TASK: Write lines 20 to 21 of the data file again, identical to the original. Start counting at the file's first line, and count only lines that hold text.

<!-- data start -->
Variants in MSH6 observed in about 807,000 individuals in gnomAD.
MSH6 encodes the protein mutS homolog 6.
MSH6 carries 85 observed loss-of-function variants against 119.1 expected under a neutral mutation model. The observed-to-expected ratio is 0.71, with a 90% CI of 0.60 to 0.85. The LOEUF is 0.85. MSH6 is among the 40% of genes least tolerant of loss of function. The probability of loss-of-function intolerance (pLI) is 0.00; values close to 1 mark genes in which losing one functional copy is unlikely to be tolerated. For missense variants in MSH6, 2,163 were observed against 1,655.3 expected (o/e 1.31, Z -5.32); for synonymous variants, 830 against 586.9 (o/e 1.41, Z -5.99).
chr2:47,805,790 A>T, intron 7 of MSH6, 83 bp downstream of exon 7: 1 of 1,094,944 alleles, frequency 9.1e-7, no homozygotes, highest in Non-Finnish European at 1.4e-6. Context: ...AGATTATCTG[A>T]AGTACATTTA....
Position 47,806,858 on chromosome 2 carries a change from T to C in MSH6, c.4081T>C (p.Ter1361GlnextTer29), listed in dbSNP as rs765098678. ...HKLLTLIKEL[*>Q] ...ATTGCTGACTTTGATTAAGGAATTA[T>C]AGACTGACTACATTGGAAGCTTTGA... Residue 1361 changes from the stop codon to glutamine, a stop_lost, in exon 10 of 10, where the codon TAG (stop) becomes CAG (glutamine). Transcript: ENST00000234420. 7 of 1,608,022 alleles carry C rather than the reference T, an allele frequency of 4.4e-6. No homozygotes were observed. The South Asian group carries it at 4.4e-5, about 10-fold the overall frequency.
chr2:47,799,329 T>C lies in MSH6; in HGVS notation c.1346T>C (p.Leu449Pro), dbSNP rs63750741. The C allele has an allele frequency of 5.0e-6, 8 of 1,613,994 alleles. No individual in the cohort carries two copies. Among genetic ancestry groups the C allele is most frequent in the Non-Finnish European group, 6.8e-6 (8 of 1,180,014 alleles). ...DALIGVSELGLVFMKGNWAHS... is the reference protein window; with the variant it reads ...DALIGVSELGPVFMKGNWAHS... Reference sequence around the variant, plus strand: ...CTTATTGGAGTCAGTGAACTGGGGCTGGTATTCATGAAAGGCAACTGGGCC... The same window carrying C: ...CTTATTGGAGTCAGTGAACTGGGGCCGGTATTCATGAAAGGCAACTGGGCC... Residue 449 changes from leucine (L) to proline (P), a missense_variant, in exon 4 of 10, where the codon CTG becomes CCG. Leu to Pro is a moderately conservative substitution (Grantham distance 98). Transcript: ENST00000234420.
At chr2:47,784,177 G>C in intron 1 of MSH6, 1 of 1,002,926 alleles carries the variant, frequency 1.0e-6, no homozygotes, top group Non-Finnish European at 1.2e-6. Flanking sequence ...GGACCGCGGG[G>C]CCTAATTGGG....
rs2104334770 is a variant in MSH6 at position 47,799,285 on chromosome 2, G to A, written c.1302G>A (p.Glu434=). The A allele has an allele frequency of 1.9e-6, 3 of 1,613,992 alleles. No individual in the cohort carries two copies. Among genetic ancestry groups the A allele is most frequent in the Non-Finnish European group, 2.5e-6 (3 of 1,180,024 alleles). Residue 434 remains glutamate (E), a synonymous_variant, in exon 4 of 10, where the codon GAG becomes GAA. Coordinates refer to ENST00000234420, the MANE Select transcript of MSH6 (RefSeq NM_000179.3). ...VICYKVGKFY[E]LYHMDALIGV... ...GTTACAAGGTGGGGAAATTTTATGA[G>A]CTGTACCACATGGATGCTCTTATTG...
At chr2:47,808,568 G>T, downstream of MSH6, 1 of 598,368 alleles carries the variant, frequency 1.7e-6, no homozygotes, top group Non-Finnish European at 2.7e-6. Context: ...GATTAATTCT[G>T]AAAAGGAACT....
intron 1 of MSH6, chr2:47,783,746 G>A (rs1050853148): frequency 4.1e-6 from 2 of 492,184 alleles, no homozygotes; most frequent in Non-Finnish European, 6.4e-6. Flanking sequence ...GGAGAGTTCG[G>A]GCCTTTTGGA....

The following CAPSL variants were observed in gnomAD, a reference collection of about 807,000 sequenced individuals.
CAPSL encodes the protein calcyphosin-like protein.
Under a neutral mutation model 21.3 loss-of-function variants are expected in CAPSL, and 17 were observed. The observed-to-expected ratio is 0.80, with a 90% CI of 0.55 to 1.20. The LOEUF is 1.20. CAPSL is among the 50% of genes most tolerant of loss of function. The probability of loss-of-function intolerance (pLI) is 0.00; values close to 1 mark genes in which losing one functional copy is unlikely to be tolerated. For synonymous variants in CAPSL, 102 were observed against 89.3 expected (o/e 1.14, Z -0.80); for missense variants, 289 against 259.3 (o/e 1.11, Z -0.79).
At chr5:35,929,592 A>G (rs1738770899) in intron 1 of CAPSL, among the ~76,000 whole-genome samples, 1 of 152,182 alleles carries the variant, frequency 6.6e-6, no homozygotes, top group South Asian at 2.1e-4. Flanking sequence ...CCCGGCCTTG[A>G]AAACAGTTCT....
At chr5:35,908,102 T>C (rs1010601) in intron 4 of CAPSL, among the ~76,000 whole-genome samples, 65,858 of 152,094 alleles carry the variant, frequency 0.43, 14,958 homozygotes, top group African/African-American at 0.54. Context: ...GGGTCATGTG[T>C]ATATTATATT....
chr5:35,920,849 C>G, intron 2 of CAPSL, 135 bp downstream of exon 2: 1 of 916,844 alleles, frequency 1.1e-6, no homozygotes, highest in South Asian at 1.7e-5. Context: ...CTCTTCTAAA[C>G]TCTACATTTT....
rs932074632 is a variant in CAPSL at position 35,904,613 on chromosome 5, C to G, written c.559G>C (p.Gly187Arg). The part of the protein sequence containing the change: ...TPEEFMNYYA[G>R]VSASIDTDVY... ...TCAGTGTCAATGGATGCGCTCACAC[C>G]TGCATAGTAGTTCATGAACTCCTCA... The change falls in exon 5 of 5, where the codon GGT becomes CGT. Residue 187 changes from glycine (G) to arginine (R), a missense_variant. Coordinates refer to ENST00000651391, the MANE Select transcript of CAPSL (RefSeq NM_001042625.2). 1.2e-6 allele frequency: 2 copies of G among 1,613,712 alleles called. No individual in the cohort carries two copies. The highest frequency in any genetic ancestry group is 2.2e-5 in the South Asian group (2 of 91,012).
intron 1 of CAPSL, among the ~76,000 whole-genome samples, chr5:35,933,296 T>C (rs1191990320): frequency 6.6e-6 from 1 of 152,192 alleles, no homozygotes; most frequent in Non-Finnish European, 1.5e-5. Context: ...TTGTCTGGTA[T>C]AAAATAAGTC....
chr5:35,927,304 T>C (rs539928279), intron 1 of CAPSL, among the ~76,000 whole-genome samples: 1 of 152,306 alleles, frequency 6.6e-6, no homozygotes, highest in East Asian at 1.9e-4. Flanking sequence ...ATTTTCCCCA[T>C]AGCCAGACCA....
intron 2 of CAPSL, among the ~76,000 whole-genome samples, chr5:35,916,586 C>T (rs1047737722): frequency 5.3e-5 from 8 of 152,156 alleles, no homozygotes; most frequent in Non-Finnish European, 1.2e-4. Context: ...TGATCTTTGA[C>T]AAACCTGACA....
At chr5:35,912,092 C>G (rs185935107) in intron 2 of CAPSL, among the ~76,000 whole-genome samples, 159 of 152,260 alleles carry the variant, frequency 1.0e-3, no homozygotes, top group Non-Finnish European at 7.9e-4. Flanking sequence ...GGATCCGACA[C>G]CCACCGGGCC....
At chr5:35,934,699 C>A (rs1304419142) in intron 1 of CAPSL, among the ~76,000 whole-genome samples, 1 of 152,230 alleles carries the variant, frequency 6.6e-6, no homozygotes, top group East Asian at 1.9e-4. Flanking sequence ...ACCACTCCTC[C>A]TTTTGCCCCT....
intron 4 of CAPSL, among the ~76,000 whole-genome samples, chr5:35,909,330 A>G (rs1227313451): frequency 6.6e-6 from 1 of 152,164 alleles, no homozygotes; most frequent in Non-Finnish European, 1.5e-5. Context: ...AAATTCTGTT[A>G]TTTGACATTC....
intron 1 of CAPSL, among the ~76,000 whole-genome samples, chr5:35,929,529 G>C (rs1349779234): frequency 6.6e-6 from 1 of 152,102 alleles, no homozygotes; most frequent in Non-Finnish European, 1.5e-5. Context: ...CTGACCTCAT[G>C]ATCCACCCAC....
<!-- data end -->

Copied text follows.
intron 2 of CAPSL, among the ~76,000 whole-genome samples, chr5:35,916,586 C>T (rs1047737722): frequency 5.3e-5 from 8 of 152,156 alleles, no homozygotes; most frequent in Non-Finnish European, 1.2e-4. Context: ...TGATCTTTGA[C>T]AAACCTGACA....
At chr5:35,912,092 C>G (rs185935107) in intron 2 of CAPSL, among the ~76,000 whole-genome samples, 159 of 152,260 alleles carry the variant, frequency 1.0e-3, no homozygotes, top group Non-Finnish European at 7.9e-4. Flanking sequence ...GGATCCGACA[C>G]CCACCGGGCC....